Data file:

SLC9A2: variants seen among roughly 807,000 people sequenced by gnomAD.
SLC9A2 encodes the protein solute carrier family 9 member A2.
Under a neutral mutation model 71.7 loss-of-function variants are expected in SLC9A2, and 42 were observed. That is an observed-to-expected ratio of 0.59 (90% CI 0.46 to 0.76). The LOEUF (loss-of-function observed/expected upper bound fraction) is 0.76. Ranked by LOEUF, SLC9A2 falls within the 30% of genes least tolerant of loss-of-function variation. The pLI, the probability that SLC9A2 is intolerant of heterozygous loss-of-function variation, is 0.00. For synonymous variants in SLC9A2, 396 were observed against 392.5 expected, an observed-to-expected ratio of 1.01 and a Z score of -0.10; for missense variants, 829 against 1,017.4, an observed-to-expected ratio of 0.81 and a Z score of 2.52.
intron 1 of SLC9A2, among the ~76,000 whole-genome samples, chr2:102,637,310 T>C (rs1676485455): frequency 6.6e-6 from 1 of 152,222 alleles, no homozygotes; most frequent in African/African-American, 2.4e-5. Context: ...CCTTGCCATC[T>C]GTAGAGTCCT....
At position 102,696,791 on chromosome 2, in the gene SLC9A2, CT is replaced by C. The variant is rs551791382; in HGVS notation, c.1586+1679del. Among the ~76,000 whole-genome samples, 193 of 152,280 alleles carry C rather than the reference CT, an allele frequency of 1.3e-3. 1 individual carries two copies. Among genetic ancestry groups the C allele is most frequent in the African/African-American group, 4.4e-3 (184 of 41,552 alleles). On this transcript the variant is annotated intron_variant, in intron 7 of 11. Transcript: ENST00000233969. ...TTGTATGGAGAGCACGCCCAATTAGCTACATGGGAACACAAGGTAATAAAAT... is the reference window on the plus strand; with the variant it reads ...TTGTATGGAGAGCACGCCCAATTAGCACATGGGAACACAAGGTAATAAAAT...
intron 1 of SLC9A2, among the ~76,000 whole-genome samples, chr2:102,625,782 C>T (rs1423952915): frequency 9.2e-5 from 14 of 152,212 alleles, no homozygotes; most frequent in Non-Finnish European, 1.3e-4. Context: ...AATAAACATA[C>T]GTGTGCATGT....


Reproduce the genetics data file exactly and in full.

SLC9A2: variants seen among roughly 807,000 people sequenced by gnomAD.
SLC9A2 encodes the protein solute carrier family 9 member A2.
Under a neutral mutation model 71.7 loss-of-function variants are expected in SLC9A2, and 42 were observed. That is an observed-to-expected ratio of 0.59 (90% CI 0.46 to 0.76). The LOEUF (loss-of-function observed/expected upper bound fraction) is 0.76. Ranked by LOEUF, SLC9A2 falls within the 30% of genes least tolerant of loss-of-function variation. The pLI, the probability that SLC9A2 is intolerant of heterozygous loss-of-function variation, is 0.00. For synonymous variants in SLC9A2, 396 were observed against 392.5 expected, an observed-to-expected ratio of 1.01 and a Z score of -0.10; for missense variants, 829 against 1,017.4, an observed-to-expected ratio of 0.81 and a Z score of 2.52.
intron 1 of SLC9A2, among the ~76,000 whole-genome samples, chr2:102,637,310 T>C (rs1676485455): frequency 6.6e-6 from 1 of 152,222 alleles, no homozygotes; most frequent in African/African-American, 2.4e-5. Context: ...CCTTGCCATC[T>C]GTAGAGTCCT....
At position 102,696,791 on chromosome 2, in the gene SLC9A2, CT is replaced by C. The variant is rs551791382; in HGVS notation, c.1586+1679del. Among the ~76,000 whole-genome samples, 193 of 152,280 alleles carry C rather than the reference CT, an allele frequency of 1.3e-3. 1 individual carries two copies. Among genetic ancestry groups the C allele is most frequent in the African/African-American group, 4.4e-3 (184 of 41,552 alleles). On this transcript the variant is annotated intron_variant, in intron 7 of 11. Transcript: ENST00000233969. ...TTGTATGGAGAGCACGCCCAATTAGCTACATGGGAACACAAGGTAATAAAAT... is the reference window on the plus strand; with the variant it reads ...TTGTATGGAGAGCACGCCCAATTAGCACATGGGAACACAAGGTAATAAAAT...
intron 1 of SLC9A2, among the ~76,000 whole-genome samples, chr2:102,625,782 C>T (rs1423952915): frequency 9.2e-5 from 14 of 152,212 alleles, no homozygotes; most frequent in Non-Finnish European, 1.3e-4. Context: ...AATAAACATA[C>T]GTGTGCATGT....